Poetry – O TO BE AN OSTRICH

O TO BE AN OSTRICH

The ostrich
like Shakespeare
believes there is nothing
good or bad
but thinking
makes it so.

All problems
he has found
by taking his head
out of the ground
and looking
for them.

The solving
obviously
is a matter of foot
going faster than thought
to avoid
being caught.

Such logic
of conscience
may well be envied—
for who can dispute
what can not be questioned
or proved?

— Elizabeth Bartlett

THERE CAME TO MY WINDOW

There came to my window one morning in Spring
A sweet little Robin; she came there to sing.
The tune that she sang, it was prettier far
Than any I heard on the flute or guitar.

Her wings she was spreading to soar far away,
Then resting a moment seemed sweetly to say:
“Oh happy, how happy the world seems to be!
Awake, Little Girl and be happy with me!”

But just as she finished her beautiful song,
A thoughtless young man with a gun came along.
He killed and he carried my sweet bird away,
She no more will sing at the dawn of the day.

— Anonymous

THE NIGHTINGALE

As it fell upon a day
In the merry month of May,
Sitting in a pleasant shade
Which a grove of myrtles made,
Beasts did leap and birds did sing,
Trees did grow and plants did spring,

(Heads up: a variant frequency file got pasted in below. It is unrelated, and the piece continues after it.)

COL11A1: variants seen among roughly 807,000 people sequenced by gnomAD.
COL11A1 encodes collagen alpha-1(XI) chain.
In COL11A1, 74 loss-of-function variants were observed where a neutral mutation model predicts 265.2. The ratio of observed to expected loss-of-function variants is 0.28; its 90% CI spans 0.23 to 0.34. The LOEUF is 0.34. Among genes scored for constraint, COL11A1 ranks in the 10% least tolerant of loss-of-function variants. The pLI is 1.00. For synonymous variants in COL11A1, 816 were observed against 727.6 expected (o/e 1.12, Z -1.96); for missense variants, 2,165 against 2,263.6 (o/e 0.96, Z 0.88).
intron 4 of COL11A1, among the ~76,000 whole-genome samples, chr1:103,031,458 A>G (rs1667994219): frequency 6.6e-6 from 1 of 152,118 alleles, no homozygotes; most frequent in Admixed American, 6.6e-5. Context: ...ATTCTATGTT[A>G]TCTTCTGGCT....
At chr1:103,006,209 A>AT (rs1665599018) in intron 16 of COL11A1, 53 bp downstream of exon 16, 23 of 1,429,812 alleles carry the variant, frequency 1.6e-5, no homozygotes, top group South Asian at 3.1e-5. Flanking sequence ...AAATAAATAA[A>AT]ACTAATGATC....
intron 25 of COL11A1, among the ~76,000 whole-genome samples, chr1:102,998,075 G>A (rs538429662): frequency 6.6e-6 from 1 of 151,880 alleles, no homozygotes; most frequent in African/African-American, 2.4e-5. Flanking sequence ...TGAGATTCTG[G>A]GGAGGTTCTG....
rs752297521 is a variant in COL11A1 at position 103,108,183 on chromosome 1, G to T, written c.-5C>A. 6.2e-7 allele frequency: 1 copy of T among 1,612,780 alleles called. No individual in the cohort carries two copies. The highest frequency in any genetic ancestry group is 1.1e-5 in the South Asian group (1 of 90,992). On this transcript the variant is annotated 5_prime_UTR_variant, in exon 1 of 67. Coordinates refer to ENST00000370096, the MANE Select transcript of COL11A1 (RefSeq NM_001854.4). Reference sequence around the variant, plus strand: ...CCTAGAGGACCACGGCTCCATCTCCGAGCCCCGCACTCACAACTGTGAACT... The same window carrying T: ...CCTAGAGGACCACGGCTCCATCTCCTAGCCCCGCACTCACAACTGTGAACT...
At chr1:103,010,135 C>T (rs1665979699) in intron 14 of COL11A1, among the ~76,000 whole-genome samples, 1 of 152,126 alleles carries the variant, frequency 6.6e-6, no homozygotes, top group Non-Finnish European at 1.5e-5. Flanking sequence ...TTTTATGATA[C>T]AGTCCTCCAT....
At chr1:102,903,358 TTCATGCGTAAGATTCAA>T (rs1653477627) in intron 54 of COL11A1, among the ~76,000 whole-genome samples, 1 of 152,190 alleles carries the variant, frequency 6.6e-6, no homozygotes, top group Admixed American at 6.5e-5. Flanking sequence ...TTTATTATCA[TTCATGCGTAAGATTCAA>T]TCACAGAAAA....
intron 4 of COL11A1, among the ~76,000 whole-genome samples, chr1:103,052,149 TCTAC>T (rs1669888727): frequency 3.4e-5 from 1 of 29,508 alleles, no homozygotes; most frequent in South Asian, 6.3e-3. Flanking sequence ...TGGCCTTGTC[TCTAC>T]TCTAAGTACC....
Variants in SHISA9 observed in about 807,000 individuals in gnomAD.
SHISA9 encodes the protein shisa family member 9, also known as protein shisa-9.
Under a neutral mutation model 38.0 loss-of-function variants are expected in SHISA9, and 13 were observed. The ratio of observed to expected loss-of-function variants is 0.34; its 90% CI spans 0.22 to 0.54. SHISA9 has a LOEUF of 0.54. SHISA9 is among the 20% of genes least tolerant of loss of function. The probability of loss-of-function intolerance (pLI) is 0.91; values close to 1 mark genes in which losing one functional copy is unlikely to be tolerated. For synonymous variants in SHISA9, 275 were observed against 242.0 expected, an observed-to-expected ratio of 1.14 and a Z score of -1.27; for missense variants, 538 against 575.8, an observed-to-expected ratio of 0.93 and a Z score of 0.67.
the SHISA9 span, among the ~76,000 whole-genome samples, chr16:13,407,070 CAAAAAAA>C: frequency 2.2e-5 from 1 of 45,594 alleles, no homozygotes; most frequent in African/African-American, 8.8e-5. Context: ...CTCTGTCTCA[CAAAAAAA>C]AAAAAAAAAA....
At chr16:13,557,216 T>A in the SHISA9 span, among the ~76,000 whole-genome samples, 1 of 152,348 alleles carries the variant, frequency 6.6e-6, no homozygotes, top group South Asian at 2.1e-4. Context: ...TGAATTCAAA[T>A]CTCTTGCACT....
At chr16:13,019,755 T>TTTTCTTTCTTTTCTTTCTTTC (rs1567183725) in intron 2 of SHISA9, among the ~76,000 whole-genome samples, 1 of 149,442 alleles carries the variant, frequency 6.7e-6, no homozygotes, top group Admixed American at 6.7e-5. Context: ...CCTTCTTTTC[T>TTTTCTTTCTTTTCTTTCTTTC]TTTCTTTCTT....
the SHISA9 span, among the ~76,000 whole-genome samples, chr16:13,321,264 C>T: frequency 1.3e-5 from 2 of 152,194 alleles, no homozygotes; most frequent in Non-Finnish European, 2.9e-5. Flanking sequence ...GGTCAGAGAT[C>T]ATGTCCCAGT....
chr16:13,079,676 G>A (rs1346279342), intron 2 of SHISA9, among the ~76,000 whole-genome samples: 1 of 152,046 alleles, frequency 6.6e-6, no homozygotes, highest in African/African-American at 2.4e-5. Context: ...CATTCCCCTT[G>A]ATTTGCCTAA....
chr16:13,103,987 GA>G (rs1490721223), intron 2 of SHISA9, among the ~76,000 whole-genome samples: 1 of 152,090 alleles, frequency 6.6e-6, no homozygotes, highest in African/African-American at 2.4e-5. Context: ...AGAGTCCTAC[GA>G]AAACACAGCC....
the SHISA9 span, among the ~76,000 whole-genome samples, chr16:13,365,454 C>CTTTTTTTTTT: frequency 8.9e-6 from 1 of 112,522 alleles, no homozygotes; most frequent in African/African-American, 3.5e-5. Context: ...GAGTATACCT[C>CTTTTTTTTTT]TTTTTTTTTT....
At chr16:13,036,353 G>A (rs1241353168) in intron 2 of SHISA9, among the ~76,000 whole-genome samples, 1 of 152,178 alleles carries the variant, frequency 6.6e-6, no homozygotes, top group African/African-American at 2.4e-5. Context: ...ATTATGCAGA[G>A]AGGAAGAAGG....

Every thing did banish moan
Save the Nightingale alone.
She, poor bird, as all forlorn,
Lean’d her breast against a thorn,
And there sung the dolefullest ditty,
That to hear it was great pity.
Fie, fie, fie, now would she cry;
Tereu, tereu, by and by:
That to hear her so complain
Scarce I could from tears refrain;
For her griefs so lively shown
Made me think upon mine own.
—Ah! thought I, thou mourn’st in vain,
None takes pity on thy pain:
Senseless trees, they cannot hear thee,
Ruthless beasts, they will not cheer thee;
King Pandion, he is dead,
All thy friends are lapp’d in lead:
All thy fellow birds do sing
Careless of thy sorrowing:
Even so, poor bird, like thee,
None alive will pity me.

— R. Barnefield

“HOW IS THE WEATHER?”

Cold winter has come,
And the cruel winds blow—
The trees are all leafless and brown;
These two pretty robins,
Oh, where shall they go
To shelter their little brown heads from the snow?
Just look at the flakes coming down.

But see, they have found a snug shelter at last,
And hark, how they talk, while the storm whistles past:

Says Polly to Dicky,
“You’re nearest the door,
And you are the gentleman, too:
Just peep out and see
When the storm will be o’er;
Be-cause, if the weather’s as bad as before,
I think we will stay, do not you?”

–Anonymous

Poetry – THE BLUEBIRD

I know the song that the bluebird is singing,
Out in the apple-tree where he is swinging;
Brave little fellow, the skies may look dreary;
Nothing cares he while his heart is so cheery.

Hark! how the music leaps out from his throat,
Hark! was there ever so merry a note?
Listen awhile and you’ll hear what he’s saying,
Up in the apple-tree swinging and swaying.

“Dear little blossoms down under the snow,
You must be weary of winter, I know;
Hark, while I sing you a message of cheer;
Summer is coming and spring-time is here!

“Little white snowdrop! I pray you arise;
Bright yellow crocus! come, open your eyes;
Sweet little violets, hid from the cold,
Put on your mantles of purple and gold;
Daffodils! daffodils! say, do you hear?—
Summer is coming and spring-time is here!”

–Emily Huntington Miller